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Chris Cornell, the Soundgarden frontman who helped define grunge music, is dead at 52

Known for his vocal range, the singer was found dead after a concert Wednesday night.

Prophets Of Rage And Friends' Anti Inaugural Ball
Chris Cornell performs at the Anti Inaugural Ball in January, 2017
Photo by Kevin Winter/Getty Images

Chris Cornell, frontman of Soundgarden and Audioslave — and a pillar of the grunge-rock movement — has died unexpectedly at 52, reports the Associated Press. The musician was found dead at the MGM Grand Detroit Hotel on Wednesday night, following a Soundgarden concert earlier that night. A medical examiner determined that Cornell killed himself by hanging; a full autopsy has yet to be completed as of Thursday afternoon.

Along with Nirvana and Pearl Jam, Soundgarden was instrumental in shaping the Seattle rock movement that would come to be known as grunge in the late 1980s and early ’90s. Co-founded by singer and rhythm guitarist Cornell, who was born in Seattle, Soundgarden was the first grunge band to sign to a major label, A&M Records — a move that some grunge purists looked at askance, but that also helped facilitate the group’s ascension to the rock mainstream.

The apex of that mainstream success was 1994’s Superunknown, an album that “both redefined and transcended grunge.” The group’s fourth album, Superunknown propelled Soundgarden to enormous commercial success, on the back of No. 1 singles like “Spoonman” and “Black Hole Sun,” which dominated modern-rock radio and earned the band two Grammys.

Part of what made Soundgarden stand out amid the era’s swelling grunge-rock hordes was Cornell’s voice, an extraordinarily powerful instrument with a four-octave range — he could pivot between a crystal-clear wail and a gritty rumble seemingly in the same syllable. Listening to the isolated vocals of “Black Hole Sun,” it’s easier to appreciate the astounding dynamism and control Cornell brought to a genre that was rarely associated with pristine vocals:

Soundgarden disbanded in 1997 but reunited in 2010 and has been playing shows regularly since then, including the concert the night of Cornell’s death (where Cornell’s voice was reportedly still on fine display). In the interim, Cornell formed Audioslave in 2001 alongside members of Rage Against the Machine, after that band’s frontman, Zack de la Rocha, departed the group. Audioslave’s first release, the self-titled 2002 album, went triple platinum in the US and was succeeded by two follow-ups, Out of Exile and Revelations, before the band broke up in 2007.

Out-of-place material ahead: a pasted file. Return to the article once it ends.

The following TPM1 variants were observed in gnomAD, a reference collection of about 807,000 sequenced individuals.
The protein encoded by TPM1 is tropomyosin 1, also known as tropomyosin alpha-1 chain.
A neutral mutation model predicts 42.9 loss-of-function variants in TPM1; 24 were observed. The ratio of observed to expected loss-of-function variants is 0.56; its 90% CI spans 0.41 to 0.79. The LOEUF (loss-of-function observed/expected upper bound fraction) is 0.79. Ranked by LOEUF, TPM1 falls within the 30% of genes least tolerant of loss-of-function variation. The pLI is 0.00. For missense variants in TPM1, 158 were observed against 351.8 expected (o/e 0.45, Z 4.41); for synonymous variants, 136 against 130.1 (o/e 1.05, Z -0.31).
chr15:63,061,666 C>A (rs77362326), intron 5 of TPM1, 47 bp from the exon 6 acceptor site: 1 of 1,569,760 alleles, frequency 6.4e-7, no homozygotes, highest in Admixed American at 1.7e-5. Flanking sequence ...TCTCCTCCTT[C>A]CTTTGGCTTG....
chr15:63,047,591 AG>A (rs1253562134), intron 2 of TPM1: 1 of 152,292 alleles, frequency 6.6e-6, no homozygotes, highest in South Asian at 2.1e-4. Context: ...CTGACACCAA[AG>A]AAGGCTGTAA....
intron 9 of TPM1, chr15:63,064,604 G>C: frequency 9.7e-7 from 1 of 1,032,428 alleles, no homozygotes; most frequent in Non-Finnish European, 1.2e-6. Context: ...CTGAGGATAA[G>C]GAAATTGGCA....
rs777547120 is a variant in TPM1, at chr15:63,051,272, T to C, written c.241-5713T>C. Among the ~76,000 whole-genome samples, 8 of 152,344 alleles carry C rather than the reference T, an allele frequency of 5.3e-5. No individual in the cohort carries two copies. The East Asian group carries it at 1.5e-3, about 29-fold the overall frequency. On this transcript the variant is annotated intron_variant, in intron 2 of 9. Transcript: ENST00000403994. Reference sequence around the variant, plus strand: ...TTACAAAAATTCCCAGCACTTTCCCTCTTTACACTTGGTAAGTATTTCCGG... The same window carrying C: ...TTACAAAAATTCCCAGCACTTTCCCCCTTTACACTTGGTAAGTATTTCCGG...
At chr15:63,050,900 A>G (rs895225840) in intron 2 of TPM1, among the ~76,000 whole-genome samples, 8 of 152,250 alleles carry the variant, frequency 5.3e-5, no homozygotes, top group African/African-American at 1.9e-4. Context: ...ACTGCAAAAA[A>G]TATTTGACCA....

Cornell released several solo albums following the dissolution of Audioslave, to varying degrees of success. (2009’s Scream, produced by Timbaland, was a particularly notorious flop — Trent Reznor famously called it embarrassing, provoking a feud between the two frontmen — but even the critics savaging it usually had a kind word for Cornell’s vocals.) His last full album was 2015’s generally well-received Higher Truth, which found the singer living comfortably in the territory he’d staked out in recent years: stripped-down, intimately arranged acoustic rock that allowed his vocals to take center stage.

But Cornell’s solo career never consistently hit the commercial or critical highs of his work with Soundgarden and Audioslave, which is perhaps why the singer kept returning to the rock band model via other projects. In addition to reforming Soundgarden, Cornell reunited with Audioslave earlier this year at the Trump-protesting Anti-Inaugural Ball, the band’s first performance in more than a decade.

Cornell famously struggled with both drug abuse and alcoholism throughout his career; he claimed in 1994 to have been a daily drug user by age 13, and reportedly sobered up and relapsed multiple times over the years. In 2009, he dryly described himself as a “pioneer” of OxyContin, an addiction to which nearly torpedoed his life and career until he went to rehab in 2002. He had reportedly remained sober from then until his death.

While the details of Cornell’s death are still coming to light, the music world is loudly mourning a man, and a voice, who helped redefine modern rock music. Despite a restless career and personal life, Cornell was a near-constant, almost comforting presence in the rock scene, consistently bouncing back and releasing new music and performing live — literally up until the night he died.

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